It was a pleasant 5.5hrs flight down to Bay Minette......now for the frustrating portion. I left Bay Minette, AL via Cessna 172 at about 3PM EDT. It's now 8PM EDT, and I've just been told that my last leg from Charlotte to Columbus is delayed. It will likely be 7-8hrs to fly back commerical. Did I mention that I love flying myself? Plus, you get to talk to controllers. Plus, you get cool "secret" codes to squawk....I love being a pilot.

25 September 2007

Cessna + Columbia

Read about the acquisition here. I wonder if Shawn Tucker will do aerobatic demonstrations in a Cessna 182 now.....I asked a couple of people about this at Oshkosh this year, and it was all "No, there are no plans....that's crazy...Columbia will always be a stand-alone company" Well, not so crazy, I guess. Here's the press release. Hopefully now, the Columbia 400 will be given the backing that it needs to beat the pants off Cirrus!

19 September 2007

Big Money

Look - it's a bridge! It's a plane! It's two really cool, really big capital spending projects that the EU has undertaken to move people in France. The Millau Viaduct has got to be one of the coolest bridges ever, and the A380 has got to be one of the coolest airplanes ever. Oh wait. Did I say "A380" and "coolest" in the same sentence. I think that I meant to say "Diamond DA50":).

Arrr.....It be a Holiday, Matey!

Avast, there, ye scurvy dogs! Today, September 19th, is the official "Talk Like a Pirate Day" holiday. You have been so warned. Now be off with ye, before I takes a likin' to scuttle yer ship.....er..... um...airplane!

18 September 2007

Buy it Now!

Our Cessna 172 (N7106G) is for sale on eBay! Buy it now (links to eBay)! Once it's gone, it's gone. If you're looking for a really nice C172 that can take you through your IFR training and some serious power upgrades (RAM 160 STC'd pistons, Powerflow Exhaust), look no further. 125KTAS, 9GPH, and 900-1000fpm climb rates are in store for you!

14 September 2007

The Heavens Declare the Glory of God

...and the earth shows the work of His hands. Day unto day pours forth speech, and night unto night reveals knowledge. There is no speech, nor are there words; Their voice is not heard. Their line has gone out through all the earth, and their utterances to the end of the world. In them, He has placed a tent for the sun, which is as a bridegroom coming out of his chamber; It rejoices as a strong man to run a race. Its rising is from one end of the heavens, and its circuit to the other end of them; and there is nothing hidden from its heat. - Psalms 19:1-6

Go West, Young Man!

On Tuesday, we headed West across the great continent. Des Moines, Iowa was the destination....just a short 546NM away. I pulled up the weather progs the day before, and the winds aloft forecast for the day was between 20-30kts headwind, directly on the nose. Well, that's not too bad.....make 135KTAS, cover ground at 110-115KTs, and we're good to go. Unfortunately, immediately after takeoff in Coshocton, we were at 2500ft, and the winds were already 27Kts. It was shaping up to be a long day. Visibility was awesome under a low broken layer...clouds at about 2200ft above the terra firma, and I could see bright blue sky through the clouds. We stopped in Columbus at KOSU to pick up Jack, and then we were on our way across Indiana. It was a beautiful day for flying - awesome visibility, but unfortunately I didn't get any photos because I was hand-flying most of the way. The air was turbulent, and winds were stronger than forecasted (35kts!) This meant that I would barely make that fuel stop, scheduled for the $3.73 100LL at Washington, IA. I played with the gas and the prop settings, trying to find the optimal combination of speed and feed and finally settled on 2300RPM, 24in of manifold pressure. That combo bought me about 135KTAS, which gave way to about 100-105kts on the ground. I have to admit that it was a little unnevering as the G1000 range ring shrunk to zero and I started to eat into the 45minute reserve.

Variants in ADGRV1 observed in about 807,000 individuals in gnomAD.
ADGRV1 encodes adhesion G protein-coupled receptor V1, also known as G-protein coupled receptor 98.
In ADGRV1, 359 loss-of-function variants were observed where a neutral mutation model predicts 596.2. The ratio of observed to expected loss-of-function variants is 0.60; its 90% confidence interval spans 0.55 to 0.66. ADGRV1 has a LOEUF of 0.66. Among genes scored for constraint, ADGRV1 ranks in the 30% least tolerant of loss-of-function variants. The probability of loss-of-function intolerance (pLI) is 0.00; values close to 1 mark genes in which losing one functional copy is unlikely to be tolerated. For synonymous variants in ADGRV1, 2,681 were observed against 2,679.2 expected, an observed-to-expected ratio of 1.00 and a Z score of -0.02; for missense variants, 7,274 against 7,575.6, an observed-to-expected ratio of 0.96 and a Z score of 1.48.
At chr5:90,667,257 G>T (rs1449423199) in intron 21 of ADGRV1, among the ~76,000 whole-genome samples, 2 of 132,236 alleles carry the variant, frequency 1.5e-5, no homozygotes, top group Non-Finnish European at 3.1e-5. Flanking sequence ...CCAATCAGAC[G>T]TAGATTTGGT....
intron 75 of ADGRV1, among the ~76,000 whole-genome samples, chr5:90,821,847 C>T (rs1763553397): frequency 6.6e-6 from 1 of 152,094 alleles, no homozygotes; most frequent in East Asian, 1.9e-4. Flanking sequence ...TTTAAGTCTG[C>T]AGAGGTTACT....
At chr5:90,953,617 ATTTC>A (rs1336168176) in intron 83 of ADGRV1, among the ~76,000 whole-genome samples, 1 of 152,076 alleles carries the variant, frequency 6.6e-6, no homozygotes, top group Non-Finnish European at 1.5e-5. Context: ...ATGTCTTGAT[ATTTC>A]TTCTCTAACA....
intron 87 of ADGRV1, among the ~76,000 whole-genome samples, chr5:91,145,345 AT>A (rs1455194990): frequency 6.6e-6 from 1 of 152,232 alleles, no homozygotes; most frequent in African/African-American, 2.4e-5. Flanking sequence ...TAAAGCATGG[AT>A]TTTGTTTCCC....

So, here's the internal logic - I've never had the fuel that low in the DA40 before, but knowing that the fuel situation was critical, I took extreme care to switch tanks at regular 5gal intervals, then at 2.5gal intervals under 20gals. I also had carefully kept track of flight time, so I knew that I had 5 hours of fuel on board when I left Coshocton, and I was only 4 hours into the trip. Assuming that 10gal/hr would be the fuel burn (I was acutally only burning about 9-9.3gal/hr), I knew that I had plenty of gas. When I landed at Washington, IA (KAWG - see photo to the left), I had about 8 gals left in the tanks. Winds were 25kts, right down Runway 31. I landed, and probably stopped that airplane in about 500ft. It was definitely a short-field landing.

During this trip, we made our way over the patchwork quilt of fertile farmland stretching across Indiana, Illinois, and Iowa. It's really incredible to think about how much God has blessed this land with fertile topsoil. I don't even think that I could conprehend how much food and food-growing potential I flew over during the 6 hrs I was in the air. The combination of the soil, the lakes, the winds, the water. It is truly the breadbasket for the world, and you get a picture of that when you fly for hours and all you see is fields of grain. The few things that broke up the endless landscape of farms was the occasional town, and the mighty Mississippi river. The photo here was taken just south of Muscatine, IA, looking south towards the confluence of the Iowa River and the Mississippi. That's a lot of water flowing into the ocean!
As you can see, the air was extremely clear over the Plains - Even from 2500ft, the lone skyscraper of Des Moines, IA came into view from about 60NM away. Crazy, huh? Approach into Des Moines was fairly straightforward, but I had to give an approaching Lear some room. We parked at Elliott Aviation, which was a really nice FBO, with free parking, a great lobby, and helpful line workers. After our meetings were over, the flight out took us over the very muddy Red Rock Reservoir, and I managed to snap this photo of the dam that keeps this water bottled up for all those Iowans. Winds on the way back were much better - about 20kts tailwind - and the skies were even more clear!

Grand Lake St. Mary's from 11,500ft

An edible oil refinery in Sydney, OH - Hello, Cargill!

Crossing over Tuttle Crossing and I-270 on 5 mile final into Runway 9L at Don Scott. Clear, huh?